On September 12, the day after the attack, Meehan sent an email to Obama administration officials announcing that “to ensure we are all in sync on messaging for the rest of the day, Ben Rhodes will host a conference call for USG communicators on this chain at 9:15AM ET today.”
The new documents show that the Obama administration engaged domestic and foreign Islamist groups and foreign nationals to push the Internet video narrative. The day after the attack, Rashad Hussain, the Obama administration’s special envoy to the Organization of Islamic Cooperation (OIC), sent an email to Ambassador Ufuk Gokcen, the OIC’s ambassador to the United Nations, and Cenk Uraz, an official with the OIC, pushing the video as the cause of the Benghazi attack. The email has the subject line: “Urgent: Anti-Islamic Film and Violence” and reads in part:
I am sure you are considering putting a statement on the film and the related violence. In addition to the condemnation of the disgusting depictions, it will be important to emphasize the need to respond in a way that is consistent with Islamic principles, i.e. not engaging in violence and taking innocent life …
The resulting OIC statement, sent to Hussain by the OIC’s Uraz, linked the film, as requested by the Obama administration, to the Benghazi attack and suggested that the United States restrict free speech in response. The official OIC statement called the film “incitement” and stated that the attack in Benghazi and a demonstration in Cairo “emanated from emotions aroused by a production of a film had hurt [sic] the religious sentiments of Muslims. The two incidents demonstrated serious repercussions of abuse of freedom of expression.” The OIC’s statement referenced its own efforts to criminalize criticism of Islam. Hussain sent the OIC statement immediately to other Obama administration officials, including then-Clinton chief of staff Cheryl Mills, who thanks Hussain for the email.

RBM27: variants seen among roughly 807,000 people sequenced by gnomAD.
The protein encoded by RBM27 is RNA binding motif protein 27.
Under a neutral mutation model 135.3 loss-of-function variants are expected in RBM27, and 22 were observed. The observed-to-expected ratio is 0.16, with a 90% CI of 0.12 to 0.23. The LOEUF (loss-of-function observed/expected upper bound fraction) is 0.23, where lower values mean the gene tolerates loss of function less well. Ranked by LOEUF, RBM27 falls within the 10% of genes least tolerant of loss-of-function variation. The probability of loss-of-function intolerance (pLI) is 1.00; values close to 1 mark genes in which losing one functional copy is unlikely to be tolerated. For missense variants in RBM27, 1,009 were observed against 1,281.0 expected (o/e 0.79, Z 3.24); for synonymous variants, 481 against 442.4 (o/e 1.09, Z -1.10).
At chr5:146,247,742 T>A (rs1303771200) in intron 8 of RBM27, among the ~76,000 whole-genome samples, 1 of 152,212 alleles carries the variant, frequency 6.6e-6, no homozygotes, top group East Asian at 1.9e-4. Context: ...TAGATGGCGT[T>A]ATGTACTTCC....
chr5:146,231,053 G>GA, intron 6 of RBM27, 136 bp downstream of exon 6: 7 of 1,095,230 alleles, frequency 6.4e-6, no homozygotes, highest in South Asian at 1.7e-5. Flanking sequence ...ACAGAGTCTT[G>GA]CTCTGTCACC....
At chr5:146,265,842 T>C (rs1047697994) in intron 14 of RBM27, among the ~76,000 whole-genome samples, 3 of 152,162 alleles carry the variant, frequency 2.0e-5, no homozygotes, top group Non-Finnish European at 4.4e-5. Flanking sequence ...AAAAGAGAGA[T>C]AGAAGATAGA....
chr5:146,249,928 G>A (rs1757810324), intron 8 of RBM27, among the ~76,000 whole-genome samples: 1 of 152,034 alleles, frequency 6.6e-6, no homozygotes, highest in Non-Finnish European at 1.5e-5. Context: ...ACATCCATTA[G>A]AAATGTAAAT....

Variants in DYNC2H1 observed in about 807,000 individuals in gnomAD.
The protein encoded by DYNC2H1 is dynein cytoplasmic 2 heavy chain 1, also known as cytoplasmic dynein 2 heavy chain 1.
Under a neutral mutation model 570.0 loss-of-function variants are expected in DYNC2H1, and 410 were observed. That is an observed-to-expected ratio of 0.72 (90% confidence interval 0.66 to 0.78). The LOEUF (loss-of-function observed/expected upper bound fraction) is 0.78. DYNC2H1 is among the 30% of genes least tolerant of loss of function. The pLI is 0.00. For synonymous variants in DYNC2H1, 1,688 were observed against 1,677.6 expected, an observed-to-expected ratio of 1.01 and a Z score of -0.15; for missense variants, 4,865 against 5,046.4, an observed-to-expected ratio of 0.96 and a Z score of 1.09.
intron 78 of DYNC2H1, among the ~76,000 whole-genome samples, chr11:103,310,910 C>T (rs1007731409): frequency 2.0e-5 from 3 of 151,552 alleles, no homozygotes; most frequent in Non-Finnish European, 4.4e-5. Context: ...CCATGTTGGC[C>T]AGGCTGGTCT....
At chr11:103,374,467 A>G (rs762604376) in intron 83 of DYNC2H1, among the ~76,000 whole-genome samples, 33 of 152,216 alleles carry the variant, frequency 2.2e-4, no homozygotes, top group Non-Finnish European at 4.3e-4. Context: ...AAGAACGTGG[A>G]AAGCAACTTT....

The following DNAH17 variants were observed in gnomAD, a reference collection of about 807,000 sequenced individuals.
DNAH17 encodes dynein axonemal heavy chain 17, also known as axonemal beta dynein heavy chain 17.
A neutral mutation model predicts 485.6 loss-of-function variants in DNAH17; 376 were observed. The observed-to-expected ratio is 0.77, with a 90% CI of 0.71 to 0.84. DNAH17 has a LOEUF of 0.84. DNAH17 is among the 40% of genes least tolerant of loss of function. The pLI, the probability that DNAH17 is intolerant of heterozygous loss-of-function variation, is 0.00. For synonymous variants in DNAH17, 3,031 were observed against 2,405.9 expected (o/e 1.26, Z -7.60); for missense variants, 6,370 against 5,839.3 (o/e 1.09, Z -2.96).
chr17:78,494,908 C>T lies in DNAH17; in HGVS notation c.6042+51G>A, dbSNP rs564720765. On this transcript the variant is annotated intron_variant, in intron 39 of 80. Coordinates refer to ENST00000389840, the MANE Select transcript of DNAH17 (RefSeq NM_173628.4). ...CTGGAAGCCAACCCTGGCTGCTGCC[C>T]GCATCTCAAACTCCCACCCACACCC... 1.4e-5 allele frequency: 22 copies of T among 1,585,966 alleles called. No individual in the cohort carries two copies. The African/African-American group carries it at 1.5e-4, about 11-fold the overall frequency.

The State Department withheld communications on September 12, 2012, between Hillary Clinton’s senior aide Huma Abedin and Rashad Hussain about an article passed by him about how “American Muslim leaders” were tying the video to the Benghazi attack. At the time of the Benghazi attack, Abedin had been double-dipping, working as a consultant to outside clients while continuing as a top adviser at State. Abedin’s outside clients included Teneo, a strategic consulting firm co-founded by former Bill Clinton counselor Doug Band. According to Fox News, Abedin earned $355,000 as a consultant for Teneo, in addition to her $135,000 “special government employee” compensation.